In 1815, Irving sailed to Liverpool and traveled extensively in Europe. His English travels inspired The SketchBook of Geoffrey Crayon, a collection of 33 essays and stories. The narrator of his book is the sentimental G. Crayon who expresses his attachment to British culture and its old monuments. The SketchBook is essentially homage to English scenes and English writers. It is conservative in its cultural views and antiquarian in its aesthetic inspirations. Indeed, Crayon doesn’t hesitate to express his preference for tradition, aristocracy and rurality rather than for innovation, democracy and urbanization.

Rip Van Wikle and The Legend of Sleepy Hollow are his most distinguish pieces. These excellent short stories present a mixture of fantasy and realism, of fable and fact. As far as the use of fantasy is concerned, the short stories already announced the narrative art of Nathaniel Hawthorne and Edgar Allan Poe. Presently, the legendary opposition between New York and New England, Sleepy Hollow, is comic variation on Gothic fiction (develops an atmosphere of terror, horrifying, macabre and where strange events happen). Throughout the narrative, Irving metamorphoses the setting of the story (the Hudson River Valley) into a fabulous landscape where we can follow his analysis of American history, although we know that the images of the history are the product of his wild imagination and fantasy. The historical context of Sleepy Hollow is that of a rapidly changing American in the face of America: it reflects Irving’s profound fear of America’s territorial expansion and its rapid socio-economic transformation. In this sense, Sleepy Hollow is found on a profound sense of melancholy and nostalgia, as ideal rural past.

In this, Irving proved to be an author with profoundly American impulses. He faced a country plunging into change, development and expansion but at the same time, when he’s trying to understand this country; he expresses his nostalgic desires to preserve the eternal arcadia of the colonial vision. His paradox is the American one.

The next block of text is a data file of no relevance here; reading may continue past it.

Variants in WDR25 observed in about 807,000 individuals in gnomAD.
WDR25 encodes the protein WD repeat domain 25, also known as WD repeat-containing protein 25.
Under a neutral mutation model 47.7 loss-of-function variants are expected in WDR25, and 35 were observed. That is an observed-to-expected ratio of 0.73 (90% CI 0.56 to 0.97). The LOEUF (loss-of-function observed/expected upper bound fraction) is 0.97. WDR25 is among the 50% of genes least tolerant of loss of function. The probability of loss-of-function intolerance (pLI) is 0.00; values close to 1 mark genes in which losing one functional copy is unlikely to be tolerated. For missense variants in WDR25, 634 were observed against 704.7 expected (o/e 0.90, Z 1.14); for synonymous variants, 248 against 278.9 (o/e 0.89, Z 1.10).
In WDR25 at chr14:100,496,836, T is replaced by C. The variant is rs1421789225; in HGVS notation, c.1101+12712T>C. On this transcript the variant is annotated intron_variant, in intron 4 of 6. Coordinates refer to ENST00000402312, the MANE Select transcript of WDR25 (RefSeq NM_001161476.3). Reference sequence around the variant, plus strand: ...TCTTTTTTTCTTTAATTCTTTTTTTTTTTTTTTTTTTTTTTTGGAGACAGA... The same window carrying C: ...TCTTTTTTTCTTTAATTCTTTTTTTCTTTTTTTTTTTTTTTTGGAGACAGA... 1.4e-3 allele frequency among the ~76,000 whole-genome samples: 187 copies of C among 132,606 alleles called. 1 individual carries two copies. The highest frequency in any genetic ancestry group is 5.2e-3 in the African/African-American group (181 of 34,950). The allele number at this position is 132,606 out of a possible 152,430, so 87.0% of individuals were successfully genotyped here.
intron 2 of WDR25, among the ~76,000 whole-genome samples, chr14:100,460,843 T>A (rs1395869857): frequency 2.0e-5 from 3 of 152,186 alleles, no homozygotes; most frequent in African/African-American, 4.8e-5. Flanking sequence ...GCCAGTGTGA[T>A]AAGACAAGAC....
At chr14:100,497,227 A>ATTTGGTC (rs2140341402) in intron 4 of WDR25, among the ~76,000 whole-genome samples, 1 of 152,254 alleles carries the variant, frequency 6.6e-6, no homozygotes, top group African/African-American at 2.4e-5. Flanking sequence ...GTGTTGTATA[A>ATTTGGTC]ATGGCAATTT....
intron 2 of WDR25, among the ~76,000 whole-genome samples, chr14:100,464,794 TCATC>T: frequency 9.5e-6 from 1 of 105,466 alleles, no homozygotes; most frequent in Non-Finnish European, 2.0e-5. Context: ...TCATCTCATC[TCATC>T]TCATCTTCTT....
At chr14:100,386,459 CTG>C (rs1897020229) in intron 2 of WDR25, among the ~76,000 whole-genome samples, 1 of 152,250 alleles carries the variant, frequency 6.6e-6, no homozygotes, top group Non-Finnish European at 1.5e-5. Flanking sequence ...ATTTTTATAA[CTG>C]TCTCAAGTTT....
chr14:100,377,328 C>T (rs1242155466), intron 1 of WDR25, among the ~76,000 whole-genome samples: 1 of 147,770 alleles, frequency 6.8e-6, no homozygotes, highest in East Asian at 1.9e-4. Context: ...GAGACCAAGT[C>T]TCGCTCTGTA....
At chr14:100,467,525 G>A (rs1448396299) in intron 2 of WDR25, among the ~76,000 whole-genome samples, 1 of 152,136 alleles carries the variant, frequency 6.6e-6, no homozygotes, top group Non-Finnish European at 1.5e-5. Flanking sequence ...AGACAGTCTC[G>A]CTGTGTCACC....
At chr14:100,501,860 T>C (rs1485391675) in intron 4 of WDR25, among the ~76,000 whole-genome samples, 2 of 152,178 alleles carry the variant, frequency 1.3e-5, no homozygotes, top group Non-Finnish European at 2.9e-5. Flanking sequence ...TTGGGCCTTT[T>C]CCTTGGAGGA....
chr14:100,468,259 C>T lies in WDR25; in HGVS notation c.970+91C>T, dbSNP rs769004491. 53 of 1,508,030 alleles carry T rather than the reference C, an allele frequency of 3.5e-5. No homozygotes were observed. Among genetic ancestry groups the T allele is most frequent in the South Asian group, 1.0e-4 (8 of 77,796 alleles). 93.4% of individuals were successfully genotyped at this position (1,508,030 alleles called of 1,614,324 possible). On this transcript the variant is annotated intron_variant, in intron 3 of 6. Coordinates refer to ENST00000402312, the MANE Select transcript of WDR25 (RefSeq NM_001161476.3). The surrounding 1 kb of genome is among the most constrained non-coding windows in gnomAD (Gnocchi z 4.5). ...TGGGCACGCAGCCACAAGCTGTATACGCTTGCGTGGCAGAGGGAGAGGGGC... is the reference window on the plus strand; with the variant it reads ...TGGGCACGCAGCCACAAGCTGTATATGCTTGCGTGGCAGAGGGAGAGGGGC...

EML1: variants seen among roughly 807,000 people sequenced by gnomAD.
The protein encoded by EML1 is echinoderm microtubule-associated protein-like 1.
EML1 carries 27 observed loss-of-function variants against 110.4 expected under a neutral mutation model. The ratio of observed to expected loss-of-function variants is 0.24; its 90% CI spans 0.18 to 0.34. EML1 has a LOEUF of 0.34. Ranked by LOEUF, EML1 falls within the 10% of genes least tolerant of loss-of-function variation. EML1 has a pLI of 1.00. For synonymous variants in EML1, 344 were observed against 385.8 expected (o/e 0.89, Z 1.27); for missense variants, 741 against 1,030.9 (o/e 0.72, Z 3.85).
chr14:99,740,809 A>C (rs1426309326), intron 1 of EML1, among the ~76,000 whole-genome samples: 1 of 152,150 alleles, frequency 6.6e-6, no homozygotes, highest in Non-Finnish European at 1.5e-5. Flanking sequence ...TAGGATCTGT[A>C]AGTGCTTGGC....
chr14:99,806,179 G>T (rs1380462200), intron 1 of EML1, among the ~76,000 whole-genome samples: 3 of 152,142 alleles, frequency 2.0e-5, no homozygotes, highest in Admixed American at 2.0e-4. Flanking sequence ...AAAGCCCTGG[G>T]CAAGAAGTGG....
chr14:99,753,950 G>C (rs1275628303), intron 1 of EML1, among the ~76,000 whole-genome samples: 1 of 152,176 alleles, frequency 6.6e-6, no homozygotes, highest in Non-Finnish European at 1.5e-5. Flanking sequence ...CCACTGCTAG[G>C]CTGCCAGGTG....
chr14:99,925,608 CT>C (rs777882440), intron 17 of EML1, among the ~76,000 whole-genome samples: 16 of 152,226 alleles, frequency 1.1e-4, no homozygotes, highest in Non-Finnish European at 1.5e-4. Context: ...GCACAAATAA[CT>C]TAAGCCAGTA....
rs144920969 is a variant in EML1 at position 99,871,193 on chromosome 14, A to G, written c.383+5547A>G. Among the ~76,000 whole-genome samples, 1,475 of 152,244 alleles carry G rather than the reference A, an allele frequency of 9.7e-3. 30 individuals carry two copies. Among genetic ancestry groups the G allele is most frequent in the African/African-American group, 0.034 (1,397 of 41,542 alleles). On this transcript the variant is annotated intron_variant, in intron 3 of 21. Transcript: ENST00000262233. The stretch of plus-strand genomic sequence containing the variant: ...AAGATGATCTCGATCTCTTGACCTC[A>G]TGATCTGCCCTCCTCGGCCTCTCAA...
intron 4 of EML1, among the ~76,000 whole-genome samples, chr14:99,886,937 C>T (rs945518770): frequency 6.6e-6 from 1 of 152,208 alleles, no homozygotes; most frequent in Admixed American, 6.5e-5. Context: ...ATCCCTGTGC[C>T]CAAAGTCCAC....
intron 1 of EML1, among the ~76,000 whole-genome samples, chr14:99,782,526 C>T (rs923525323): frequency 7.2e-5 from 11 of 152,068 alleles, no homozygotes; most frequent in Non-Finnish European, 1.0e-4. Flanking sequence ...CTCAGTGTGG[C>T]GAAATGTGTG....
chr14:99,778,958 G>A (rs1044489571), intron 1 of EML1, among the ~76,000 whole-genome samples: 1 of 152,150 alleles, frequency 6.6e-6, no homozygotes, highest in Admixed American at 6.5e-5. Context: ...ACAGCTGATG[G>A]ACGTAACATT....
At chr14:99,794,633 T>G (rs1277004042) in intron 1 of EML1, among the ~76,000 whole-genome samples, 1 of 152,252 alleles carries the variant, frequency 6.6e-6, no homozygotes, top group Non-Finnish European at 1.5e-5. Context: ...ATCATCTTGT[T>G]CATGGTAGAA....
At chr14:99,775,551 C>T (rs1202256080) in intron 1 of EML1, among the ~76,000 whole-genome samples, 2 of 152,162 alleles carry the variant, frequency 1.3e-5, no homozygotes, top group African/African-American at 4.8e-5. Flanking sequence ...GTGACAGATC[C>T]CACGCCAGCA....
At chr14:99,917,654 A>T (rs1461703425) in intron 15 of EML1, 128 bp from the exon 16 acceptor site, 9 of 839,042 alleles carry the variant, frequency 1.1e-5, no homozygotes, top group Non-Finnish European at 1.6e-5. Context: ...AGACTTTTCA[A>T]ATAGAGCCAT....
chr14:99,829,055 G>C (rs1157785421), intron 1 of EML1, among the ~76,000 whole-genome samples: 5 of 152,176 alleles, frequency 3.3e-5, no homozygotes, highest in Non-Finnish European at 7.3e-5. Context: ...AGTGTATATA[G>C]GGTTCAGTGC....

During his diplomatic service in Spain, Irving turned to biography: The Life and Voyages of Christopher Columbus represents an important change in his literary life. In this biography, he kept using the narrative techniques that he used in his novels, mixing history and fiction. In his historic books, he abandoned his ironic tone: it became more serious and formal despite the fact that he kept using the narrative techniques. All his novels are the products of very precise researches. However, Irving did not define such works as purely economic literature. In The Conquest of Granada, he described Granada as somewhat "between history and romance". From this period, The Alhambra is the only book that can be compared with the SketchBook.

In 1832, after 17 years in Europe, Irving returned to the USA that was in full expansion and he realized that its New Frontier was a big source of literary inspiration. During that period, he traveled extensively in the West. Results:

  • A Tour of the Prairie (1835)
  • Asteria and The Adventure (1836)

Irving has always been interested in the Frontier. Like James Fenimore Cooper’s The Pioneers, in a way, Irving thought of his western books of the 1830’s not just as literary experimentations but also as a concrete contribution to the west world expansion of the USA and the realization of his "manifest destiny".

II. James Fenimore COOPER: the voice of the Frontier as general critique

Jacksonian democracy’s rise and its effect on the Frontier represent the most important elements in the historical background of Cooper’s fictions. 1829-1837: democratic populist campaign based on a fight for poop people (land, farms and realization of the American dream) but no place for Indians. For Cooper, realizing your dreams is a good ideal. But it does not come without the extermination of Puritans entities: Indians and Nature.